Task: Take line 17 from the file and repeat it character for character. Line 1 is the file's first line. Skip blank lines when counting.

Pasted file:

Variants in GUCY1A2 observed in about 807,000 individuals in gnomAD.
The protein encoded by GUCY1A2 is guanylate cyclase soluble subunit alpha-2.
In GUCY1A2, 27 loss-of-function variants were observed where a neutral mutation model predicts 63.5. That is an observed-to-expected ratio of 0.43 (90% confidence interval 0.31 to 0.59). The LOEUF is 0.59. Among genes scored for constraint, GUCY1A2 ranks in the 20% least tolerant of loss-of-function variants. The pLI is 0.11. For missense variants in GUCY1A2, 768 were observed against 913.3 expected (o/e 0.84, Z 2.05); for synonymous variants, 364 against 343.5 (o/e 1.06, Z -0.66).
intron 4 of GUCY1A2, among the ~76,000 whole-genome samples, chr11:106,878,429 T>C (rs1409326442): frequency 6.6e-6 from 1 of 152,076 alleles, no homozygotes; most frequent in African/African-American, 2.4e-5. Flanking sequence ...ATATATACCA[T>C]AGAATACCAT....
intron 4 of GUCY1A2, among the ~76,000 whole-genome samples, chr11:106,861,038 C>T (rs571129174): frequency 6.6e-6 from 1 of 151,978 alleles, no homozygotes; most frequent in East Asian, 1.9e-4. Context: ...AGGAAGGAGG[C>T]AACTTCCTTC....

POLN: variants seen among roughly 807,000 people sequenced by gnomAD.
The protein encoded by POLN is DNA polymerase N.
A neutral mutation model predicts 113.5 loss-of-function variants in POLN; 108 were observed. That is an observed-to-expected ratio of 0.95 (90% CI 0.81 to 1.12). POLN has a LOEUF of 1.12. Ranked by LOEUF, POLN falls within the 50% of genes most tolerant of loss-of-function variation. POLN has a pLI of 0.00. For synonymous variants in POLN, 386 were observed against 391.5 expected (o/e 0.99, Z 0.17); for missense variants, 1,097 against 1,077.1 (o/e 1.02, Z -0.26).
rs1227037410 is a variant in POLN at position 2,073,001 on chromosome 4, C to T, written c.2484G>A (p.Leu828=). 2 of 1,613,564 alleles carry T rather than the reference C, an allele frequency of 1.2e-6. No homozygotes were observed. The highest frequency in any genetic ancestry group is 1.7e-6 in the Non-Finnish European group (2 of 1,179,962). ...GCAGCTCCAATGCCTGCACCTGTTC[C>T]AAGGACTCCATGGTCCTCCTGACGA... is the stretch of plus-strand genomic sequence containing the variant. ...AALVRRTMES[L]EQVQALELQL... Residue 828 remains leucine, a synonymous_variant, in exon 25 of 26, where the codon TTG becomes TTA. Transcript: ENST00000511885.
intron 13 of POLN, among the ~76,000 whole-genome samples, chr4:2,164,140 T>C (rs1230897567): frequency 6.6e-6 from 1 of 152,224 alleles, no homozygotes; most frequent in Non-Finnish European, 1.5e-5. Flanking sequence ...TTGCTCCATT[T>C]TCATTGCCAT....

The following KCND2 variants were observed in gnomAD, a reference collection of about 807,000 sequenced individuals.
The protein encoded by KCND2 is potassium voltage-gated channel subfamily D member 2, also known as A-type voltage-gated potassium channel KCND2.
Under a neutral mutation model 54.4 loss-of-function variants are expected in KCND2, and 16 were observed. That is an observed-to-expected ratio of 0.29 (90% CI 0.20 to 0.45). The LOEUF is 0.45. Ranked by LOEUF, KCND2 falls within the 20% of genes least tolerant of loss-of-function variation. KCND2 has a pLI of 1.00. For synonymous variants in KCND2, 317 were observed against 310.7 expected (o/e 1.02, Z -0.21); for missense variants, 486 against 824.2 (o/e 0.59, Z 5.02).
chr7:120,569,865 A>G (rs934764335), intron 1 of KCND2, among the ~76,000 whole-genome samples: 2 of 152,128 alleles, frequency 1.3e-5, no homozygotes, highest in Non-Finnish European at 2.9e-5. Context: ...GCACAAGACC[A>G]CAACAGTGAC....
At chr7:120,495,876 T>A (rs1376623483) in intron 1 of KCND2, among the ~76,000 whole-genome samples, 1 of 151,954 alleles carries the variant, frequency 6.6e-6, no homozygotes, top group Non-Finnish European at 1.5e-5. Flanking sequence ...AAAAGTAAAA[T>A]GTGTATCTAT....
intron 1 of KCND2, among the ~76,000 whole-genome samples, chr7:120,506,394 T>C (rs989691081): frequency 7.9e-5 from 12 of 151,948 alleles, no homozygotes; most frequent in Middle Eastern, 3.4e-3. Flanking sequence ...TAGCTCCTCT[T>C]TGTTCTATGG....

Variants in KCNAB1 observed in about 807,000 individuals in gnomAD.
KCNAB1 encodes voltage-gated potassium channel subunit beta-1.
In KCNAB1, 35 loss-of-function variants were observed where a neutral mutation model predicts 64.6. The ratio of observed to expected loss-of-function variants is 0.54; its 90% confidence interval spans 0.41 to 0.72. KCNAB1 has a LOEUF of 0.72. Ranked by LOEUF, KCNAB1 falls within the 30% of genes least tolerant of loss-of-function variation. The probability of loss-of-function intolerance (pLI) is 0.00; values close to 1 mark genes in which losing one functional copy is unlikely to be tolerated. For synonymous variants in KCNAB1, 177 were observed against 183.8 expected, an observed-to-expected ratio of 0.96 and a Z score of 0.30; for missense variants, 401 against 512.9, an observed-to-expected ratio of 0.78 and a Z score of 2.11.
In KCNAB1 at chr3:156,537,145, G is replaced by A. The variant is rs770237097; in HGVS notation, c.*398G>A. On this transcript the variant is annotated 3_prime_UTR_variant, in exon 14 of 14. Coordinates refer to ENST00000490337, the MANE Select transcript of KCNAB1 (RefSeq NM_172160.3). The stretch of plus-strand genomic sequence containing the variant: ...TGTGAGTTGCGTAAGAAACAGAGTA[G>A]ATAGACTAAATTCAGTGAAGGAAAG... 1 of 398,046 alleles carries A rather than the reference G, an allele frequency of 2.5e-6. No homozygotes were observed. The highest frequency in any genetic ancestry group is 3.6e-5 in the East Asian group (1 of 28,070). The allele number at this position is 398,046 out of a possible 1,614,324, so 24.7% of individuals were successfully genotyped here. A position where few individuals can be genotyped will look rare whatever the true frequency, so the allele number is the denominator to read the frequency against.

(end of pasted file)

Variants in KCNAB1 observed in about 807,000 individuals in gnomAD.